A Cat is Self-reliant, Emotional and Highly Aware

A Cat is Self-reliant, Emotional and Highly Aware

Cats are excellent at hiding signs of illness and pain so as not to attract attention.As solitary hunters, this is an important mechanism to prevent predators from recognizing their weakness. Owners may not be aware that the cat is suffering.

The cat that survives on its own outside does not need feline company. It can hunt for itself, find its own den and defend its own territory. It can keep itself clean, its claws sharp and protect itself by being highly aware of its surroundings and using its agility, speed and strength to get itself out of trouble. Hiding or fleeing is preferred over fighting if a cat faces danger. Where they do live together, cats do not form structured packs like dogs and there is no dominance hierarchy among a group of cats. The assumption that cats need the company of their own species is based on human perceptions of sociability.

Cats can live in social groups, but only in specific circumstances such as feral colonies on farms or in areas where females are usually related to each other and there is enough food and shelter for larger numbers.

Kittens will be more likely than adults to accept new environments, new people and other cats or pets. If kittens are adopted in pairs, they will keep each other engaged with their high level of activity, especially if siblings. Kittens have to learn to be good hunters. They will play attack things that move or that resembles prey. Other pets and the people in the household are often targets of this unwanted behavior. Kittens of similar age can engage with each other while undergoing this very active period and this may defuse tensions in the household. It is recommended for kittens to be adopted as siblings or similar aged pairs so that their necessary activity doesn’t frustrate household members.

Kittens that have very strong play-prey behaviors can become problems as they interact with people and their aggressive play escalates, such as attacking ankles and legs. Play with other similar age cats or other animals can be a valuable outlet for these behaviors and head off problems later in life.

On the other hand, adult cats that have been by themselves or in a stable, long standing household are usually quite intolerant of new animals. That intolerance can often be seen in aggression or fearful behaviors. Often the aggression is subtle, such as blocking the path of another cat, or using posturing that might intimidate or stress another cat.We may not perceive these emotional states, but other cats may readily interpret facial and postural changes as social signals.

Cats are usually most content when they can dictate the timing of interaction with their owners and other humans. Allow the cat to come to you and it will be more comfortable and relaxed than having you choose when to handle the cat. Access to higher levels and places to hide will make cats feel more safe, more secure and may facilitate interactions.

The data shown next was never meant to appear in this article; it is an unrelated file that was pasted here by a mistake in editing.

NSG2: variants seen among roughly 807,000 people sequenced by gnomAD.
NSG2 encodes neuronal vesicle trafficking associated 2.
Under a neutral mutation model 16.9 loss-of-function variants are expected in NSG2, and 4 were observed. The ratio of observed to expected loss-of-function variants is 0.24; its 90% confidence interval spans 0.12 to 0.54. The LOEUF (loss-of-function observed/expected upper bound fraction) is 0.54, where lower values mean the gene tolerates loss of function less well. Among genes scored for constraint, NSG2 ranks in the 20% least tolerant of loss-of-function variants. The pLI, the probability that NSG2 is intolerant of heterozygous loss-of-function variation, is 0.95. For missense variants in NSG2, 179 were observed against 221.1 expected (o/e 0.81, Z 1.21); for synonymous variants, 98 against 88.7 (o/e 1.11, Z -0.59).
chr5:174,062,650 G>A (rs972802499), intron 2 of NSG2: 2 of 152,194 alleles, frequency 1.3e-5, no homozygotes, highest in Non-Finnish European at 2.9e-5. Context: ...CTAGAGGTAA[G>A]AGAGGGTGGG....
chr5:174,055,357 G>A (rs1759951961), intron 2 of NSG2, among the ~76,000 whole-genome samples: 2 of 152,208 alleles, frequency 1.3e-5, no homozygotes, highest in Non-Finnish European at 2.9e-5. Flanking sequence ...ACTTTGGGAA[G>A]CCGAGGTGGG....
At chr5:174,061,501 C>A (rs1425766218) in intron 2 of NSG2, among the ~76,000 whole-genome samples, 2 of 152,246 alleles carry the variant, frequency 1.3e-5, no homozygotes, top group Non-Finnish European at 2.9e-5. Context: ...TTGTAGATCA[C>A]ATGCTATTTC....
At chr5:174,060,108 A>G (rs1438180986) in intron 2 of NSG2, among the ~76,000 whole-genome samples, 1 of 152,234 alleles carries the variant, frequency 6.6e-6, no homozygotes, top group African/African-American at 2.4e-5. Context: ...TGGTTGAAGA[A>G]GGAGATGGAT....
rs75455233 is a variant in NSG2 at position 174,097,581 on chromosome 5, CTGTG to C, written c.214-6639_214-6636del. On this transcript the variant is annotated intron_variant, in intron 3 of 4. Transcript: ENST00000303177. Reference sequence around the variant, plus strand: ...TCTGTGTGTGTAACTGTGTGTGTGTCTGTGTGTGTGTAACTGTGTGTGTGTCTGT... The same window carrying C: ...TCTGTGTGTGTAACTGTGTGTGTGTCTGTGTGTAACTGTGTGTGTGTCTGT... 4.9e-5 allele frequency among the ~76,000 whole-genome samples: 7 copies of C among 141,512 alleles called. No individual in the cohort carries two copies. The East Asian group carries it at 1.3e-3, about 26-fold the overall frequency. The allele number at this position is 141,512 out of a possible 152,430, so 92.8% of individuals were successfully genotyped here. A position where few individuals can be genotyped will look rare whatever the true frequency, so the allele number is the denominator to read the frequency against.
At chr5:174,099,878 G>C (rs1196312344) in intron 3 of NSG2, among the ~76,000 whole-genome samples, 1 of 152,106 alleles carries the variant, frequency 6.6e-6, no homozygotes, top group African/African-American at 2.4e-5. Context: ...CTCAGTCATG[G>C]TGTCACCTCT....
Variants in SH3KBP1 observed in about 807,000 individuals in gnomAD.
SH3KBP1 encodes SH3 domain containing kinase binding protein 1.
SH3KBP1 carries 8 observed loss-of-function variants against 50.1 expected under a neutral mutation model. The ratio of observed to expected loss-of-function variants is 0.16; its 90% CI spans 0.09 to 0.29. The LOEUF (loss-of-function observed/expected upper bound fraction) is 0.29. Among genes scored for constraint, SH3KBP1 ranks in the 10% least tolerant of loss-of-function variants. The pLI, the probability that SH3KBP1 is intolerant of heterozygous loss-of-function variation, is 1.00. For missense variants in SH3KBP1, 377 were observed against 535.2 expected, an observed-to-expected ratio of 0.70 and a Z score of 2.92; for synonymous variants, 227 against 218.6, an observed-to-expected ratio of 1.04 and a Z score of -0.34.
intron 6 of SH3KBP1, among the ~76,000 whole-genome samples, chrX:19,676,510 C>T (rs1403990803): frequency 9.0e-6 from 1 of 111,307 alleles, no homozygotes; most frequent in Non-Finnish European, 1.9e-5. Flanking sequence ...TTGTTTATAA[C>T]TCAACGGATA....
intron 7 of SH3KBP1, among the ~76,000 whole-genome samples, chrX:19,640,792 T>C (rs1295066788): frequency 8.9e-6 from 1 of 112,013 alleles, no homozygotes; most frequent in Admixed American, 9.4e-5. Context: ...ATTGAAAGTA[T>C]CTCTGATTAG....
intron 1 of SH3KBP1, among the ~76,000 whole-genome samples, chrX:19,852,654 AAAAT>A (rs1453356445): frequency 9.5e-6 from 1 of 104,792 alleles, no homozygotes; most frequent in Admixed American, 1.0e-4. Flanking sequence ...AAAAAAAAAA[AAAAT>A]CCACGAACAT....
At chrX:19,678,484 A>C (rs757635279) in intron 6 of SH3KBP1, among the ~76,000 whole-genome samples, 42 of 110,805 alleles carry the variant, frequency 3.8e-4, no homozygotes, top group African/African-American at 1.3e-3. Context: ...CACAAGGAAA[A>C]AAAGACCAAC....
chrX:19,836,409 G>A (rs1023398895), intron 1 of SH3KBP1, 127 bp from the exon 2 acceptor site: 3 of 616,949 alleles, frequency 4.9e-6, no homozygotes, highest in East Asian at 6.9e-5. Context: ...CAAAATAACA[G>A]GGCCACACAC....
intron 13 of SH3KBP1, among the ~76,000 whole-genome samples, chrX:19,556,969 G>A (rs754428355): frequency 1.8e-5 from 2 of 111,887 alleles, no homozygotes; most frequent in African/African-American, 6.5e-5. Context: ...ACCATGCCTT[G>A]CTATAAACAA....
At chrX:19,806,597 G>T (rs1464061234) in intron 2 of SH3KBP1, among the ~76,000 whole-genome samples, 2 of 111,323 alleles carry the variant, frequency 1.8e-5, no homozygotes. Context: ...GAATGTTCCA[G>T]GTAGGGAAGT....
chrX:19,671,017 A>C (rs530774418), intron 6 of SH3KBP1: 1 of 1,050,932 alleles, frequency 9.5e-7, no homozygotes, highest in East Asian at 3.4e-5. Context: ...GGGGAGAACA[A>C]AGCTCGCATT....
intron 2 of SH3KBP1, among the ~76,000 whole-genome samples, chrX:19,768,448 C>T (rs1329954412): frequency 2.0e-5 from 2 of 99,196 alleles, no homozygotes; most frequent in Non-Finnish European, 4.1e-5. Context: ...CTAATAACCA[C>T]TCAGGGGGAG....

Take Home Message

  • Kittens need to be adopted in pairs. Adopting siblings is best since they have already formed a core group and have the same activity level.
  • Existing adult or older cats in the household may be more likely to tolerate the adoption of kitten(s) rather than mature cat(s).
  • Training with positive reinforcement techniques engages cats and kittens and gives them something to do in the artificial environment of our homes.
  • While cats may choose not to be dependent and interactive with people, engaging them in reward activities might modify their response.
  • Adult cats may not want a feline ‘friend’ as they are often content to live alone.
  • Sharing territory with another cat can be stressful.
  • Cats may not wish to be confined or reassured by cuddling.
  • Cats can be stressed by unfamiliar sights, sounds and smells.
  • Like all mammals, cats are fast learners. Utilize this to redirect behaviors. Cats do not learn through punishment - verbal or physical! The best way to train a cat is through positive reinforcement of the desired behavior. Ignore or redirect the undesired behavior to a more positive behavior (e.g., toss a kibble in the other direction to distract a cat from something).
  • Emotions and behavior can change very quickly. Cats may become aroused if disturbed or frightened.
  • Routine and predictability in a cat’s life can reduce stress and improve quality of life.
  • Changes in routine behavior (such as sleeping more or avoiding contact) can occur because of emotional change or may indicate health problems. The most common sign of a medical problem is a change in behavior.
  • For cats, the need to keep themselves clean is very strong, so being deprived of the ability or opportunity to do so is potentially stressful.
  • Cats are excellent at hiding signs of illness and pain. They tend to stay still and quiet so as not to attract attention. Owners may not be aware that the cat is suffering.

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